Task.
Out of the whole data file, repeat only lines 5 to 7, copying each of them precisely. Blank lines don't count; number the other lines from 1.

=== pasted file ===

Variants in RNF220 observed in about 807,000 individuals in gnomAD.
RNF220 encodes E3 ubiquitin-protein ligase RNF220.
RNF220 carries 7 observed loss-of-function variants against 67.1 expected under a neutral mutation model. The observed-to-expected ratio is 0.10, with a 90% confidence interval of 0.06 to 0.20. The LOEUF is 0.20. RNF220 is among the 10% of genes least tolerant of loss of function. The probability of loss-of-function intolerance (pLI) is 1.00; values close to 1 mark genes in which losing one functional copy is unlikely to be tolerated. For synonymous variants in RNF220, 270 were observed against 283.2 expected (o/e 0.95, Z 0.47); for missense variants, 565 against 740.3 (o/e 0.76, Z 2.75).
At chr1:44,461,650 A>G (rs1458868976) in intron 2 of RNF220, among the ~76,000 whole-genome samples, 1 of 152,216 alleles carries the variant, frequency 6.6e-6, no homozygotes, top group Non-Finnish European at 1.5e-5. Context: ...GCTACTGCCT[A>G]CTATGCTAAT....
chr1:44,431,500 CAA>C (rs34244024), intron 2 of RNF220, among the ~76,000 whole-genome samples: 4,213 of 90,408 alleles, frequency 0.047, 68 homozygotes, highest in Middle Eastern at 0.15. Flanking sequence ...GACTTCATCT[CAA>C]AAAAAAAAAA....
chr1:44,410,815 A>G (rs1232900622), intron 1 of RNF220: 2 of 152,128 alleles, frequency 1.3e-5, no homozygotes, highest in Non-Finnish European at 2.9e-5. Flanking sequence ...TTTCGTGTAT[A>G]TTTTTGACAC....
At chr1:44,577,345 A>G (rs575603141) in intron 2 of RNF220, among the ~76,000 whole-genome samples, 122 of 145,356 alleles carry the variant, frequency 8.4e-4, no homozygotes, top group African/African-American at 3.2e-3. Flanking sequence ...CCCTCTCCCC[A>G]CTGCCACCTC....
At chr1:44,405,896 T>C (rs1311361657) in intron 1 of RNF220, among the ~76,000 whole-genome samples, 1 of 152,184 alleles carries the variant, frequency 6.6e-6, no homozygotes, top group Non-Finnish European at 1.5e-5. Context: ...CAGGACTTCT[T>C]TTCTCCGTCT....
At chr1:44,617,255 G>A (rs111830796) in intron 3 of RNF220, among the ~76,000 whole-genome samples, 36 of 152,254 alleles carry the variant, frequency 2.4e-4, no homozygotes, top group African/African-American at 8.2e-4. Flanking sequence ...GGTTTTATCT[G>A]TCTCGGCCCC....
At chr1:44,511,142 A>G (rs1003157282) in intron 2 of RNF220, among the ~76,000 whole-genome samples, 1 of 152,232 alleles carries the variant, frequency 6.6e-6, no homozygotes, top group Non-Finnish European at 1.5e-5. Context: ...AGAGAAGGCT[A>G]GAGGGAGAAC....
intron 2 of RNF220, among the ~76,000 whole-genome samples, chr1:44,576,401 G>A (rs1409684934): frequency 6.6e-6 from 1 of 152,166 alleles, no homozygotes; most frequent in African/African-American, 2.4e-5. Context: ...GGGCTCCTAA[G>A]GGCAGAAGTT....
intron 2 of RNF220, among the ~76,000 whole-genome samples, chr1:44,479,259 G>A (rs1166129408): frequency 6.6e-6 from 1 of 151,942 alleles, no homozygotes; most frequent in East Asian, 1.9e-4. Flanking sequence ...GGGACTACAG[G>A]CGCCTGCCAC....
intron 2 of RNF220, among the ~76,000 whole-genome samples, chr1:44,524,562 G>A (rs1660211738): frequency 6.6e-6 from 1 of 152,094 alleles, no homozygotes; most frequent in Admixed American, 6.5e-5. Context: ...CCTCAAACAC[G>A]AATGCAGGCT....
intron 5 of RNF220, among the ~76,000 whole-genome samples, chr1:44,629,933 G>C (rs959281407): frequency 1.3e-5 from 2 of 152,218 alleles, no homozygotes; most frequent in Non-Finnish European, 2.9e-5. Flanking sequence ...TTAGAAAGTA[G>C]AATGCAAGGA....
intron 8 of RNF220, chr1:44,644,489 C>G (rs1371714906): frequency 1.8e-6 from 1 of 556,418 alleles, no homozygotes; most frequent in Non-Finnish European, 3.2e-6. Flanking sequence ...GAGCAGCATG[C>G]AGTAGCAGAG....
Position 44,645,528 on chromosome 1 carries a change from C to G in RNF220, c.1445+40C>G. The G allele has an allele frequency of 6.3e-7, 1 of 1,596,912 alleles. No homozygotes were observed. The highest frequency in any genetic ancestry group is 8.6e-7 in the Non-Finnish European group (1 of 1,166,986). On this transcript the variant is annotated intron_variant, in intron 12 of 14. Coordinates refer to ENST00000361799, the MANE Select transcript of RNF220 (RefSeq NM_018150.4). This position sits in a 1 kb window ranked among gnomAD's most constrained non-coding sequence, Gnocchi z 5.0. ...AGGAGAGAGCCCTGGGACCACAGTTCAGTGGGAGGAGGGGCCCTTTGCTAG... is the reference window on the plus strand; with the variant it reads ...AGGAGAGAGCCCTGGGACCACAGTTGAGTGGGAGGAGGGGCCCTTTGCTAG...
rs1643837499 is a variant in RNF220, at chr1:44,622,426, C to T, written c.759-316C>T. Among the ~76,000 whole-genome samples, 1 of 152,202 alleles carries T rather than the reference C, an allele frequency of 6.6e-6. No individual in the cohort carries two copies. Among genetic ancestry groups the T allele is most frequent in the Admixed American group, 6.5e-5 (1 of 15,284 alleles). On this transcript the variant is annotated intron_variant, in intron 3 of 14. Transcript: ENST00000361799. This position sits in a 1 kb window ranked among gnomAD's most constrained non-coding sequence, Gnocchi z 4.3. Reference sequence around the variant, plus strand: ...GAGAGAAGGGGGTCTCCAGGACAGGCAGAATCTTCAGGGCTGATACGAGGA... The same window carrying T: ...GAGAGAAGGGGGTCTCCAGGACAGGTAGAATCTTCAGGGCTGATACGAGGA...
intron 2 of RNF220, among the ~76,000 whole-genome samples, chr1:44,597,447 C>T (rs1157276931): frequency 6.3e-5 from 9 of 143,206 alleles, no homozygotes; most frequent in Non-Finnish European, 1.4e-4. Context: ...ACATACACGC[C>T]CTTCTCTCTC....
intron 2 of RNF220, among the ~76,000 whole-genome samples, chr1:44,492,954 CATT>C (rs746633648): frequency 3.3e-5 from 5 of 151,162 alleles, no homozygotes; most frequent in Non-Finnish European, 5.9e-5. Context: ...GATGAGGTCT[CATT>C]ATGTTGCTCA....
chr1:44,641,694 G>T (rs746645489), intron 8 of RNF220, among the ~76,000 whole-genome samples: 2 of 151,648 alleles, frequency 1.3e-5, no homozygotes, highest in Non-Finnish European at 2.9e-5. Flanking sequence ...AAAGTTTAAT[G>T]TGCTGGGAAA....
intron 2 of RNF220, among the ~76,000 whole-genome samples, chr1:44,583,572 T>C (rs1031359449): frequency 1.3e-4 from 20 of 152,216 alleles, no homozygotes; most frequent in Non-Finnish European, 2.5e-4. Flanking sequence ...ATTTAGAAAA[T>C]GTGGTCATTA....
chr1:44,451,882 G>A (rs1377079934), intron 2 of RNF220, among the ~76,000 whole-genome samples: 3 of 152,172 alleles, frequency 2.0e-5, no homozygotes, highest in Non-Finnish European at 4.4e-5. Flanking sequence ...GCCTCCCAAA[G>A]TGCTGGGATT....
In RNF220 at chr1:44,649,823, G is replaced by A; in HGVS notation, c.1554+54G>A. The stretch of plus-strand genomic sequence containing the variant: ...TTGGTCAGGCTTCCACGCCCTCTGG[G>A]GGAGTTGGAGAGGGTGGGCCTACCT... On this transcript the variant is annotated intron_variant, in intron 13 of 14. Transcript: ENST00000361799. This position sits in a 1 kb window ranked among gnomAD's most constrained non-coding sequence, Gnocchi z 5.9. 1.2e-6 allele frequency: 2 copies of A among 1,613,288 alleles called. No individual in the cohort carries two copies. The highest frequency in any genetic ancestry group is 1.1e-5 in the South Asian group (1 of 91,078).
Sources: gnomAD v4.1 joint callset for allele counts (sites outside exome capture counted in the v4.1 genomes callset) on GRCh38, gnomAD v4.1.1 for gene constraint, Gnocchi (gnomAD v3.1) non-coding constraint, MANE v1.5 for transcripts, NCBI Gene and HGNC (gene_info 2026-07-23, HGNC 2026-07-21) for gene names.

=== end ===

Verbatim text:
chr1:44,431,500 CAA>C (rs34244024), intron 2 of RNF220, among the ~76,000 whole-genome samples: 4,213 of 90,408 alleles, frequency 0.047, 68 homozygotes, highest in Middle Eastern at 0.15. Flanking sequence ...GACTTCATCT[CAA>C]AAAAAAAAAA....
chr1:44,410,815 A>G (rs1232900622), intron 1 of RNF220: 2 of 152,128 alleles, frequency 1.3e-5, no homozygotes, highest in Non-Finnish European at 2.9e-5. Flanking sequence ...TTTCGTGTAT[A>G]TTTTTGACAC....
At chr1:44,577,345 A>G (rs575603141) in intron 2 of RNF220, among the ~76,000 whole-genome samples, 122 of 145,356 alleles carry the variant, frequency 8.4e-4, no homozygotes, top group African/African-American at 3.2e-3. Flanking sequence ...CCCTCTCCCC[A>G]CTGCCACCTC....